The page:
The U.S.'s deteriorated reputation abroad has real economic and security costs, and businesses need to become active in improving it
Now that Al Gore's global-warming documentary An Inconvenient Truth has won its Oscar (see BusinessWeek.com, 3/20/07, "Hybrids Stuck in Neutral"), there appears to be room atop the list of the Biggest Problems No One Cares About. I'd like to nominate anti-Americanism.
It won't take too many slides to define the problem. Everyone knows the U.S.'s reputation around the world has never been more dismal. In fact, it has fallen to the level of an "ism"—"anti-Americanism," the principled distrust and dislike of anything that issues from the U.S. Unfortunately we can't show slides of Florida under water to convince people that anti-Americanism matters. The CEOs of U.S. companies with customers around the world don't consider anti-Americanism a problem. "We're not an American company," they declare. "We're global."
Americans would prefer that the world like them, but if it doesn't, so what? Wasn't it Machiavelli who said it was safer to be feared than loved? For his part, President Bush displayed new depths of cluelessness when he reacted to protests during his recent Latin American tour by saying, "I love freedom and the right for people to express themselves."
These days, those expressions include South African billboards touting the Smart car for its "German engineering," "Swiss innovation" and "American nothing." South Korean restaurants have hung signs in their windows advising "Americans Not Welcome." And Starbucks' very presence in China's Forbidden City brewed so much controversy the company may lose its lease.
The Cost of Anti-Americanism
Anti-Americanism does matter—to our economy, to our health, and to our safety. For the moment, the effect of anti-Americanism on U.S. companies' foreign sales is masked by a declining dollar. Skeptics point to a widely circulated study that compared the European sales of Coke, McDonald's, and Nike between 2000 and 2004. All three companies increased their European sales an average of 26%—even though anti-Americanism was at a fever pitch following the March 2003 invasion of Iraq. But it's important to note that the U.S. companies' sales were made in euros and reported in dollars, which fell by 31% in the period.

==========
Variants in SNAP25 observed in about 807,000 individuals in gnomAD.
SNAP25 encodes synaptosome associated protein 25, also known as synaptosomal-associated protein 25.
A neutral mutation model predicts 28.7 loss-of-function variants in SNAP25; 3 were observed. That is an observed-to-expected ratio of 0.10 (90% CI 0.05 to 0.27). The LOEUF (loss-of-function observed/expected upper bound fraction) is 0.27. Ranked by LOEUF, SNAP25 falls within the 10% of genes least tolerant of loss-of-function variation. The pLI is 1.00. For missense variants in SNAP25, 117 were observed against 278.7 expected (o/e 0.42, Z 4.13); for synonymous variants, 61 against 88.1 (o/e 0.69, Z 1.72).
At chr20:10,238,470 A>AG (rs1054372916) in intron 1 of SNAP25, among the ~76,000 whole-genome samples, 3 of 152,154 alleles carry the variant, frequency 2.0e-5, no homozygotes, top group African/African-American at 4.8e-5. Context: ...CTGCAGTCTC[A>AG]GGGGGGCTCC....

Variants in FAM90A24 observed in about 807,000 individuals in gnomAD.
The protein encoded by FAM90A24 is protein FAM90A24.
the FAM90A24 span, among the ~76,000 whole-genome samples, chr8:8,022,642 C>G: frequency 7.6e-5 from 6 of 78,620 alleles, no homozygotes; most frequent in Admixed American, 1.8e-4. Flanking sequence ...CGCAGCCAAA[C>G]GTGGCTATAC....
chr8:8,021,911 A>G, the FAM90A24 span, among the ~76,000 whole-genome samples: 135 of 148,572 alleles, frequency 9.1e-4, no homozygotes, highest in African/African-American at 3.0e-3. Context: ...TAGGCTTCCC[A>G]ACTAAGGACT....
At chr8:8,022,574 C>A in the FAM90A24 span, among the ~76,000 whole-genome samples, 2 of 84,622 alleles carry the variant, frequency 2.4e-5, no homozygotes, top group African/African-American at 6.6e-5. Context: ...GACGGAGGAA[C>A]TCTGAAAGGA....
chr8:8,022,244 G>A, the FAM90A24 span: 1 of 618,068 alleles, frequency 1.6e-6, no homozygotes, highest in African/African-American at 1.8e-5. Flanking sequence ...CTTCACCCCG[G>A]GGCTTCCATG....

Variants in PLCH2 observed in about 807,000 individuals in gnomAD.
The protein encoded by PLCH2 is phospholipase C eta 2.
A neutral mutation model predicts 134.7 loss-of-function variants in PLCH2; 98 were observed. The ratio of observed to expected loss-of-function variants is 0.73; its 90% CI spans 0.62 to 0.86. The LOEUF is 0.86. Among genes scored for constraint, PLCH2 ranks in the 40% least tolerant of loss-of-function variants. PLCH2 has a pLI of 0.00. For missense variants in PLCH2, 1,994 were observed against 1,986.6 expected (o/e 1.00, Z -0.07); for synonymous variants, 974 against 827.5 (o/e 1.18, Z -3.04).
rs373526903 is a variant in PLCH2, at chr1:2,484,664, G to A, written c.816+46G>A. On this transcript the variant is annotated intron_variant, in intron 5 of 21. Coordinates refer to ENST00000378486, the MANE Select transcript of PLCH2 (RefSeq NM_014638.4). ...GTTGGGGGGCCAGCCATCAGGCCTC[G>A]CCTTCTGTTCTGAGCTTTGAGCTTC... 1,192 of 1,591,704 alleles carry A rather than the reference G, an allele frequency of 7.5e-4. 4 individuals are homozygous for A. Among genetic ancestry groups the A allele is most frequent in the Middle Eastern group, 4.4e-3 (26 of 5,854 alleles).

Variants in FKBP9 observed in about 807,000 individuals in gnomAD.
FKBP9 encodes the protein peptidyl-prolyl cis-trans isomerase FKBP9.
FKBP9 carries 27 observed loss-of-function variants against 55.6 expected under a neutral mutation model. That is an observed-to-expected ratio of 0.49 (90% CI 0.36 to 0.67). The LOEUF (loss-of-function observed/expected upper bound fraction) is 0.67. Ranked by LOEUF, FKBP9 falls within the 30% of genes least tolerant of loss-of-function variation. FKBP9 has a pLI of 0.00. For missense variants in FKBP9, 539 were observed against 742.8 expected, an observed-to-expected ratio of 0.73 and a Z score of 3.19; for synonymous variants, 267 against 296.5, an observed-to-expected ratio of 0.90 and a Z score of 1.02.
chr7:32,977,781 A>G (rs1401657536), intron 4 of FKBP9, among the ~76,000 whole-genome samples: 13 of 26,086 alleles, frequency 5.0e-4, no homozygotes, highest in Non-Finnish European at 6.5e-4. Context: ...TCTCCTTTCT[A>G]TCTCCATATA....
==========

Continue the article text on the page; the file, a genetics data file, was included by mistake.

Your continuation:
On the other hand, the U.S. share of the international tourism market, which should have benefited from the weak dollar, fell by a third from 1992 to 2006. The absolute number of foreign tourists to the United States didn't return to pre-9/11 levels until last year, and even then the increase was due entirely to visitors from Canada and Mexico. In 2006, overseas visitors to the U.S. declined by 1% from the prior year. Even taking into account the extra hassle of getting through stepped-up U.S. security post-9/11, the drop-off in overseas visitors to the U.S. is striking.
And expensive—according to the Discover America Partnership, the U.S.'s loss of market share in 2005 cost $44 billion in sales and taxes. Plus, every share point represents 153,000 U.S. jobs.
Finally, anti-Americanism costs the U.S. the cooperation of other countries in dealing with such global problems as terrorism, climate change, HIV/AIDS, avian flu, counterfeiting, organized crime, the trafficking of women and children, or the next security crisis, whether it breaks out in Iran, North Korea, or the Taiwan Strait. The list of problems that will yield to unilateral action is getting shorter even faster than the cost of going it alone is rising. None of that is good for business.